President Nixon and King Hussein of Jordan participate in arrival ceremonies as they observe Jordanian troops, June 17, 1974.
On this day 40 years ago, President Nixon touched down via Air Force One at Amman Airport in Jordan, marking the first time a United States President visited the Hashemite Kingdom. During the visit, the Presidents discussed in detail the concept of approaching a final settlement for Middle East peace step-by-step, so that each succeeding step would build on the success and confidence of the preceding one.
President Nixon assured King Hussein that flexibility would be practiced in considering all parties’ interest, including Jordan’s, but maintained that an overall–and agreeable–settlement be found. Nonetheless, the friendship with which President Nixon received from King Hussein throughout his presidential tenure was unsurpassed. Because of this friendship, the President was confident that the lofty goal of peace in the Middle East could be achieved in the very near future. Disengagement agreements between Egypt and Israel and Syria and Israel were already established. Jordan was next in line.
At a State Dinner accorded to President Nixon on the night of June 17 at Basman Palace in Amman, King Hussein expressed his gratification of the new relationship the United States was developing with the Arab countries, or as Hussein described, “the opening up between the United States and the Arab world:”
As a friend of longer standing, I may be permitted to say how gratified I am by the new relationship that has developed between you and President Sadat, and between you and President Asad. Possibly nothing that has happened in these last momentous months will contribute more to a lasting peace in the area than this new understanding between you.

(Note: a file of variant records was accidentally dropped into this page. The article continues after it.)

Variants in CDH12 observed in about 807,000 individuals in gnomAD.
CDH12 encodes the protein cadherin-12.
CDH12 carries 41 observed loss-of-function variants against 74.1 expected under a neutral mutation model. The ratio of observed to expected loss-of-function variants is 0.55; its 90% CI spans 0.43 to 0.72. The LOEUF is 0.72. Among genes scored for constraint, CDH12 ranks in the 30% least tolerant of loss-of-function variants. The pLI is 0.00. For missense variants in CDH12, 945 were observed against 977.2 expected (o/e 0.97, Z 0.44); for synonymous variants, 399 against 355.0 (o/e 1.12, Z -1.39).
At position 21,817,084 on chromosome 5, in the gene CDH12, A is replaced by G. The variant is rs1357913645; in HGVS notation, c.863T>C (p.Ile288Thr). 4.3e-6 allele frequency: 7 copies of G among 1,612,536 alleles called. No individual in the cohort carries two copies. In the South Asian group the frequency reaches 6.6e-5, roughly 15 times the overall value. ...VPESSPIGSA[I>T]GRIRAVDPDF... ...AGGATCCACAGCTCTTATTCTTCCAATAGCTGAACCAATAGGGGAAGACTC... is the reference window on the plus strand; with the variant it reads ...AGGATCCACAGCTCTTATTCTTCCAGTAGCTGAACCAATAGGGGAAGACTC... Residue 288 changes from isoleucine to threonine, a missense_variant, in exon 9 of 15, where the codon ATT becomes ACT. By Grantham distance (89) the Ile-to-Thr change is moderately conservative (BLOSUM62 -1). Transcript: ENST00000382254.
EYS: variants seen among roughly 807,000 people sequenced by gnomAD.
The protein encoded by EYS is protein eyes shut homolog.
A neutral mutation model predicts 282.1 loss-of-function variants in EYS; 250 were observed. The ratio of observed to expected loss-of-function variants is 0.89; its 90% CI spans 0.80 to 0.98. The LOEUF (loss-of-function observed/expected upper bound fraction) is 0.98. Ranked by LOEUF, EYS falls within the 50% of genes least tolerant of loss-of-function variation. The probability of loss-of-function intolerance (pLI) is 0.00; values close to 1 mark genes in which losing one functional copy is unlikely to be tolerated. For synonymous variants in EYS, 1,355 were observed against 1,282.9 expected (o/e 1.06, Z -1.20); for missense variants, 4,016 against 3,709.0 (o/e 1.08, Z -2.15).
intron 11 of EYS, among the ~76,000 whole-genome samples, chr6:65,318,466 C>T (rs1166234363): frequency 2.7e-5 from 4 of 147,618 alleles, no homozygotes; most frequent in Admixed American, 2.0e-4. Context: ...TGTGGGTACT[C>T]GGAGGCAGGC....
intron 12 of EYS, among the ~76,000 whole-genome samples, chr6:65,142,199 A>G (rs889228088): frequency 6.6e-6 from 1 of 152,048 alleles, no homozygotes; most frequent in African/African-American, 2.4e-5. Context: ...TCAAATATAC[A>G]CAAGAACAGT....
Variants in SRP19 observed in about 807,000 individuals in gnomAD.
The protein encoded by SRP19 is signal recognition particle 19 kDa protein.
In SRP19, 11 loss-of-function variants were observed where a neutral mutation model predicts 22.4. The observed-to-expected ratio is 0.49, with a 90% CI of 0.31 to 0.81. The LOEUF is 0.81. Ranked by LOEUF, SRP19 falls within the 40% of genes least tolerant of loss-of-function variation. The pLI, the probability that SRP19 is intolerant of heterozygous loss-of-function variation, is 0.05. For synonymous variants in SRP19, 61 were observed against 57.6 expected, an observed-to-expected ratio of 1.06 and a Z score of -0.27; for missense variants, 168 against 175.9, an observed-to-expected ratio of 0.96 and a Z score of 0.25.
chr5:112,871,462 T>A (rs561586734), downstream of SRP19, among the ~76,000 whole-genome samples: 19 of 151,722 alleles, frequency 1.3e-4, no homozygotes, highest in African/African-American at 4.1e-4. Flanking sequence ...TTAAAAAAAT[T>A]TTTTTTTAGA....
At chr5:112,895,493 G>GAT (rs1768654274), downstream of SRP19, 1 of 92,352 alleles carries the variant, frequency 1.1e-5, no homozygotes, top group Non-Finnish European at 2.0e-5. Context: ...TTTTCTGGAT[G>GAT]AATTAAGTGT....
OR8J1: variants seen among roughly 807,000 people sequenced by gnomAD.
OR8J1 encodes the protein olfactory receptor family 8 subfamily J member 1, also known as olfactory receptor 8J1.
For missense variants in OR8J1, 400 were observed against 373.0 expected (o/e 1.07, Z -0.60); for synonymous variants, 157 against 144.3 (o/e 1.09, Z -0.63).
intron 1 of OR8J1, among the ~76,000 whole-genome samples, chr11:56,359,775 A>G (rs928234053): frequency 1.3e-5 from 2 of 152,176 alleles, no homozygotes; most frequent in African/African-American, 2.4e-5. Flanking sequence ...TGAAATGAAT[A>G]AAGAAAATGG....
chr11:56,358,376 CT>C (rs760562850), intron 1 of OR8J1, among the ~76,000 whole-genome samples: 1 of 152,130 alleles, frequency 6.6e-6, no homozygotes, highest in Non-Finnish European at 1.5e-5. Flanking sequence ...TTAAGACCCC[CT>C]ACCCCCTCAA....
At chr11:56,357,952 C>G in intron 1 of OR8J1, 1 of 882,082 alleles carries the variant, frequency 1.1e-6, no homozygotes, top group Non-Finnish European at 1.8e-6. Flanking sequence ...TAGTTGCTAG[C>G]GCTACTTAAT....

President Nixon customarily responded with a toast of his own, acknowledging the United States’ pledge to bring a new element to the table of Middle East peace discussions:
The new element that has been added, the new element that has been symbolized by this journey which you have referred to, the new element that certainly was not only symbolized but showed actual results in addition, in the long negotiations which were undertaken by Secretary Kissinger in the Mideastern area-one leading to the disengagement on the Israeli-Egyptian front and another on the Syrian-Israeli front–the one new element is that the United States now has made a decision that we will undertake not to impose a settlement because we are not the best ones from the outside. No one from the outside knows what is best as far as a settlement is concerned. But we will undertake, where the nations in the area-and this seems to be the case at this time–where the nations in the area want us to, we will undertake to use our influence and use it effectively to bring leaders of nations who have disagreements on such critical issues as you have discussed tonight, bring them together and try to find fair and just solutions to these problems.